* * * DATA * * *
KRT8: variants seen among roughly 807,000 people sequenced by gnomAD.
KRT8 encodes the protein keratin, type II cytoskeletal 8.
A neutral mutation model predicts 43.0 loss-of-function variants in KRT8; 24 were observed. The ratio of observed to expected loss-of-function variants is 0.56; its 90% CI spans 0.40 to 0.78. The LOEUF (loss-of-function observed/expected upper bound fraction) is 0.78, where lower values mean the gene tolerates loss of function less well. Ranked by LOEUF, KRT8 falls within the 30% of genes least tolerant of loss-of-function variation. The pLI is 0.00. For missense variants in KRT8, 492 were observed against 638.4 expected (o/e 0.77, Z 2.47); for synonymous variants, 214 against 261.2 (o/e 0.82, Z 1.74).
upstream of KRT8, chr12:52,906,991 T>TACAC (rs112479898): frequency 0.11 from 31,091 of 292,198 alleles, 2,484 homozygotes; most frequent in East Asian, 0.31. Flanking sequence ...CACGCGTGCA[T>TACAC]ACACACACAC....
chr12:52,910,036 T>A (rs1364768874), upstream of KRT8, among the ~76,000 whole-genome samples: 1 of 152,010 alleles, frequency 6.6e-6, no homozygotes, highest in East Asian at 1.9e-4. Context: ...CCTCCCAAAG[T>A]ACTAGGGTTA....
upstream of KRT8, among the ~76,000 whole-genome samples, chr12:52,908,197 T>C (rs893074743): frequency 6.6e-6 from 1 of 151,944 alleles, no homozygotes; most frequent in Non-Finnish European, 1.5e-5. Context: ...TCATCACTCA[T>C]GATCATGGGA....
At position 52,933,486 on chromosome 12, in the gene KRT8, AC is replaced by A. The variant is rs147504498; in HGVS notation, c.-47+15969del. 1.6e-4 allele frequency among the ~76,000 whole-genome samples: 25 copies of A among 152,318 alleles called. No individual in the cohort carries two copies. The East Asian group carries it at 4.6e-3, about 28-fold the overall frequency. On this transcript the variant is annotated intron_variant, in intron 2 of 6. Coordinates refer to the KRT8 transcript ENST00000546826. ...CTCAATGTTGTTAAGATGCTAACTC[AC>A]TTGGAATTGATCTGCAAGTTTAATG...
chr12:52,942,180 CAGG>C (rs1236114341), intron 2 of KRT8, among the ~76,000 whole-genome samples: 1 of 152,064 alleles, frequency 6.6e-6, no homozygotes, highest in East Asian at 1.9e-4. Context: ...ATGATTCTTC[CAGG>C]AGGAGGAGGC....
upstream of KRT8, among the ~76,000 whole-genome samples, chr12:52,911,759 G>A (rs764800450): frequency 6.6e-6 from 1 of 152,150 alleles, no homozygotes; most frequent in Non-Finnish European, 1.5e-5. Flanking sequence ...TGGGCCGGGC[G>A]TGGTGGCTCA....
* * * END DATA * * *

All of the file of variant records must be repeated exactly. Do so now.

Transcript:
KRT8: variants seen among roughly 807,000 people sequenced by gnomAD.
KRT8 encodes the protein keratin, type II cytoskeletal 8.
A neutral mutation model predicts 43.0 loss-of-function variants in KRT8; 24 were observed. The ratio of observed to expected loss-of-function variants is 0.56; its 90% CI spans 0.40 to 0.78. The LOEUF (loss-of-function observed/expected upper bound fraction) is 0.78, where lower values mean the gene tolerates loss of function less well. Ranked by LOEUF, KRT8 falls within the 30% of genes least tolerant of loss-of-function variation. The pLI is 0.00. For missense variants in KRT8, 492 were observed against 638.4 expected (o/e 0.77, Z 2.47); for synonymous variants, 214 against 261.2 (o/e 0.82, Z 1.74).
upstream of KRT8, chr12:52,906,991 T>TACAC (rs112479898): frequency 0.11 from 31,091 of 292,198 alleles, 2,484 homozygotes; most frequent in East Asian, 0.31. Flanking sequence ...CACGCGTGCA[T>TACAC]ACACACACAC....
chr12:52,910,036 T>A (rs1364768874), upstream of KRT8, among the ~76,000 whole-genome samples: 1 of 152,010 alleles, frequency 6.6e-6, no homozygotes, highest in East Asian at 1.9e-4. Context: ...CCTCCCAAAG[T>A]ACTAGGGTTA....
upstream of KRT8, among the ~76,000 whole-genome samples, chr12:52,908,197 T>C (rs893074743): frequency 6.6e-6 from 1 of 151,944 alleles, no homozygotes; most frequent in Non-Finnish European, 1.5e-5. Context: ...TCATCACTCA[T>C]GATCATGGGA....
At position 52,933,486 on chromosome 12, in the gene KRT8, AC is replaced by A. The variant is rs147504498; in HGVS notation, c.-47+15969del. 1.6e-4 allele frequency among the ~76,000 whole-genome samples: 25 copies of A among 152,318 alleles called. No individual in the cohort carries two copies. The East Asian group carries it at 4.6e-3, about 28-fold the overall frequency. On this transcript the variant is annotated intron_variant, in intron 2 of 6. Coordinates refer to the KRT8 transcript ENST00000546826. ...CTCAATGTTGTTAAGATGCTAACTC[AC>A]TTGGAATTGATCTGCAAGTTTAATG...
chr12:52,942,180 CAGG>C (rs1236114341), intron 2 of KRT8, among the ~76,000 whole-genome samples: 1 of 152,064 alleles, frequency 6.6e-6, no homozygotes, highest in East Asian at 1.9e-4. Context: ...ATGATTCTTC[CAGG>C]AGGAGGAGGC....
upstream of KRT8, among the ~76,000 whole-genome samples, chr12:52,911,759 G>A (rs764800450): frequency 6.6e-6 from 1 of 152,150 alleles, no homozygotes; most frequent in Non-Finnish European, 1.5e-5. Flanking sequence ...TGGGCCGGGC[G>A]TGGTGGCTCA....